Ope’s dead.

He’s been dead many years. And his Spirit is in Harmony with Nature exists no more, except within me. Why didn’t I tell Ope I believed him? If I told him I believed him, I felt my anthropological impartiality would have been compromised. I wanted to be a social scientist, I wanted to be anally empirical, and this determination to empiricism made me arrogant to who the Micmac of Finland were, their message, and Ope as intelligent, discerning, and capable of perceptive insight. He was “the other,” something to be studied impartially while I wore an anthropological white lab coat and horn-rimmed glasses and carried a clipboard and pipe.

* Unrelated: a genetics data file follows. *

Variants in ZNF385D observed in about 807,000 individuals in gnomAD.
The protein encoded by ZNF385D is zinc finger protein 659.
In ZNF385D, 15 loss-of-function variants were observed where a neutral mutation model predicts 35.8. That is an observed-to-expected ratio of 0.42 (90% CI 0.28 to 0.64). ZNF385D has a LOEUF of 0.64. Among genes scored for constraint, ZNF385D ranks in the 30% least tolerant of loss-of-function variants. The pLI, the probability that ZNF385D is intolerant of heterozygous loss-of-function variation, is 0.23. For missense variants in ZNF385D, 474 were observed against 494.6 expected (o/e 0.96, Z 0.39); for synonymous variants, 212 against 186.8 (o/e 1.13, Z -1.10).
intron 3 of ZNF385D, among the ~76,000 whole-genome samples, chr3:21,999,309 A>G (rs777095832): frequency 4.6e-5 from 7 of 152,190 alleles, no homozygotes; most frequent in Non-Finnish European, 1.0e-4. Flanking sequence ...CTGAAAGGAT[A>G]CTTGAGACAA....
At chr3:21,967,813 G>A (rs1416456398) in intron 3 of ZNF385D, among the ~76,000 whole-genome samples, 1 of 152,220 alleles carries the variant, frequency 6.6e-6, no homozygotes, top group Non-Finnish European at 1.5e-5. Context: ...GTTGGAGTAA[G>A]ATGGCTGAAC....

I was an ethnocentric anthropologist.

I am ethnocentric no more. I am sensitive enough to hear and feel them finally, and that’s what I learned from the Micmac of Finland.


[1] Turner, V. (1974). Dramas, Fields, and Metaphors. Cornell University Press.  

[2] Longrich, N. (2020 September 9). “When did we become fully human? What fossils and DNA tell us about the evolution of modern intelligence.” The Conversation.

[3] To make it clear: “Mi’kmaq” [miːɡmaɣ] refers to the indigenous First Nations people of Canada, and “Micmac” will refer to these “Micmac of Finland.”

[4] The word “Indian” is no longer used to describe any indigenous First Nations peoples of Canada, though you will still find its use in the USA.

[5] If the Micmac of Finland were still around today, they would have undoubtedly used “Sustainability” instead of this awkward “Sylvilization.”

[6] Please research the Conne River Mi’kmaq of Newfoundland for the reason.

Photography by Philipp Clifford © All rights reserved